History and Rareness of French Mastiff Dogs
French Mastiff dogs are also known as Dogue de Bordeaux, Bordeaux Mastiffs, or Bordeaux Bulldogs. Their history goes way back to ancient times. For that reason, it is hard to identify the exact origin. Some theories claim that this dog is an indigenous French breed that evolved over thousands of years ago.
Other thesis claims that Neapolitan mastiff, Tibetan mastiff, and Greek mastiff are the ancestors of the French mastiff dogs.
The history is long with this breed.
In the first century b.c, Julius Ceaser introduced this dog’s ancestors to France. Romans used these Dogues as the war dogs and brutal combatants to battle other dogs and wild beasts in the arena.
For centuries these Bordeaux mastiffs were in two sizes- the smaller ones and the larger ones. By the late 1700s, the smaller variety, also known as the Doguin, died from the historical records. The larger dogs are the current Dogue de Bordeaux.
By the late 1700s, the Dogue outlived its utility as a fighting dog. It received new usefulness as a hunting dog, drafters, and guarders. They guarded the nobility’s vast estates. The French Revolution ended their employment when the Dogue’s masters went to prison and the guillotine.
Information and Pictures Pronunciation dohg-duu-bor-DOE Description The Dogue de Bordeaux, also called the French Mastiff and sometimes called the Bordeaux Bulldog, is a relatively short, stocky mastiff. The wrinkled head is massive, heavy and broad. Males can have a head circumference of 27-30 inches (68-75cm).
This breed survived the bloodshed and earned employment as livestock drovers. This line of work made these dogs the name ”Butcher’s Dog.”
It could be true that a cat has nine lives. But, Dogue de Bordeaux has already enjoyed three. The resurrected breed barely survived two extinctions in their history.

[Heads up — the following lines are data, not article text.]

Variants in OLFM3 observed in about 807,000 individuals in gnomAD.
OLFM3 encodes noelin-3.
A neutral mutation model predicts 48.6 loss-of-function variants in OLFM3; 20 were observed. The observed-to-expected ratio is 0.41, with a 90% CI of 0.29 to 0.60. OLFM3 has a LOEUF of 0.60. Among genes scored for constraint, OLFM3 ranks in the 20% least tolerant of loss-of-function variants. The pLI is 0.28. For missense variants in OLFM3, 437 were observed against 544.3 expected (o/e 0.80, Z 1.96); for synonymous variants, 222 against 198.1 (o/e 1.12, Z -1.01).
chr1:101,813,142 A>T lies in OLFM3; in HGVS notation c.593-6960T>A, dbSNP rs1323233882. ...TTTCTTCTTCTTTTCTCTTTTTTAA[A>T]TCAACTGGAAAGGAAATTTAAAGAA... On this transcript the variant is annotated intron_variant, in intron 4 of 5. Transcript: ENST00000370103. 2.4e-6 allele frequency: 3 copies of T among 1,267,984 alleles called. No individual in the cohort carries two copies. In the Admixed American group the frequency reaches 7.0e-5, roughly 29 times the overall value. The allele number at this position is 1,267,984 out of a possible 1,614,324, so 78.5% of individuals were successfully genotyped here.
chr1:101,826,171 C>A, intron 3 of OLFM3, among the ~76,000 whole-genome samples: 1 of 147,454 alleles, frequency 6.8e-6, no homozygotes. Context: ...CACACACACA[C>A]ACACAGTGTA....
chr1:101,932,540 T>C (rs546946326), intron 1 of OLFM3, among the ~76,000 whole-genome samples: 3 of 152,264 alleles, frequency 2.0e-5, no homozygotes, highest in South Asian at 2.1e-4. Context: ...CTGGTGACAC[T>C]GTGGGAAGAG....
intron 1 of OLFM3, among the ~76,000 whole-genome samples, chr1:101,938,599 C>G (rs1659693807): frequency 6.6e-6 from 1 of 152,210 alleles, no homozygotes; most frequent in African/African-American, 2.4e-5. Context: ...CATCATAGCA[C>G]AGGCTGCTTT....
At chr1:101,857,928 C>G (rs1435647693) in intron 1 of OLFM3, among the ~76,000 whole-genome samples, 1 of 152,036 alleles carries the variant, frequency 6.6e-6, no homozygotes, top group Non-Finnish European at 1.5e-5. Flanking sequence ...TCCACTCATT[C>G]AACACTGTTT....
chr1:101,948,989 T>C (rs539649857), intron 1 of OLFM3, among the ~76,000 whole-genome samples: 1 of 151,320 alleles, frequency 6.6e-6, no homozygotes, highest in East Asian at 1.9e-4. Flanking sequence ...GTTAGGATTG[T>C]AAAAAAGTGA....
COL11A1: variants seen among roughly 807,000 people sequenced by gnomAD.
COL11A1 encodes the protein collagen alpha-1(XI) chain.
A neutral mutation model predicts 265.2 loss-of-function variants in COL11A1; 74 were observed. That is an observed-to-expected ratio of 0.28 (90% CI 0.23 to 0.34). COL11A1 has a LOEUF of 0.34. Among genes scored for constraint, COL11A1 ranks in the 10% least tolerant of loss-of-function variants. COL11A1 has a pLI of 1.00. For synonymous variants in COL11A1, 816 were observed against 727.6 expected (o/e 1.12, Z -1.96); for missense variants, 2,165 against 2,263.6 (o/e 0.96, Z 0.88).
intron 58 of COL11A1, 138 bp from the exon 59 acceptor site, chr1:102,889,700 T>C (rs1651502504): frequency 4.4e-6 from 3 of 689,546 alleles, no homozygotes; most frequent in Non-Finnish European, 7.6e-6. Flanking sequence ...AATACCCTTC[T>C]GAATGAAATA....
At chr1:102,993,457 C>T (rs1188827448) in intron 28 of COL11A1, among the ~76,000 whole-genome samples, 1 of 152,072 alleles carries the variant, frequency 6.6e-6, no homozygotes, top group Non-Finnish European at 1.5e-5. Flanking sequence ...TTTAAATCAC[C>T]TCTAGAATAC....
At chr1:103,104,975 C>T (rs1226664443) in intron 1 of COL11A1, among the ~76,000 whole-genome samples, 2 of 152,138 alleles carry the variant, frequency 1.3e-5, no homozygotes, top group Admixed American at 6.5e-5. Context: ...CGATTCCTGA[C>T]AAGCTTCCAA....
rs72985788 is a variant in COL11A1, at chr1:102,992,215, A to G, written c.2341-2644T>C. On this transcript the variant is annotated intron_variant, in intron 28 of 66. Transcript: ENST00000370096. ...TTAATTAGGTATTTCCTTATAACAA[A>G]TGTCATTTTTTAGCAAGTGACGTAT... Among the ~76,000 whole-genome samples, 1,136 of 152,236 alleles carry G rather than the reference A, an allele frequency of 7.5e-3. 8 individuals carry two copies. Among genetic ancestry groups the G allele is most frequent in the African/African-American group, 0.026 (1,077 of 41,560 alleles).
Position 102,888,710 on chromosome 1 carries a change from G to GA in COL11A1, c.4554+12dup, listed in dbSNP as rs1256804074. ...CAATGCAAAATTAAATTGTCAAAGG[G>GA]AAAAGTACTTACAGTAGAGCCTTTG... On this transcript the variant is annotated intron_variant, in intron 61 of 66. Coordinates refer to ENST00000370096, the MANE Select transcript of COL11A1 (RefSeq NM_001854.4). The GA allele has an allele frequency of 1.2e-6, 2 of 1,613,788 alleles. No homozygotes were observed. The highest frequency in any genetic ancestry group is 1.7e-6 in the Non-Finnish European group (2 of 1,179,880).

They lived a pampered life of the French aristocrats. But when these nobles fell out, the breed also did. They were slaughtered together with their masters, which led to near extinction. Only a few of these breeds survived.
Adolf Hitler tried to extinct them. Their loyalty and devotion to their masters seemed like a threat to his ruling. Therefore, he gave a kill order for the dogs. Again, the breed faced their death penalty. But a handful that survived, provided a base for the preservation of the kinds.
Making a come back
In the 1960s, the Dogue de Bordeaux breed was revitalized and gained popularity up to today. The Dogues belong to the AKC working group. By the end of 2019, there were approximately 2000 Dogue de Bordeaux enrolled with the AKC.
Before 1989, the breed was unknown outside France. But the release of the movie “Turner & Hooch” brought attention to this breed. The comedy showed a stubborn, drooling, but lovable French mastiff assisting a police detective, Tom Hanks.
The Dogue de Bordeaux is a large and powerful dog with a muscular body. Their ears are v-shaped, and their mouths have a distinctive droopy upper lip. By: PawCulture Editors The Dogue de Bordeaux, also known as the Bordeaux Mastiff, is one the most ancient dog breeds from France.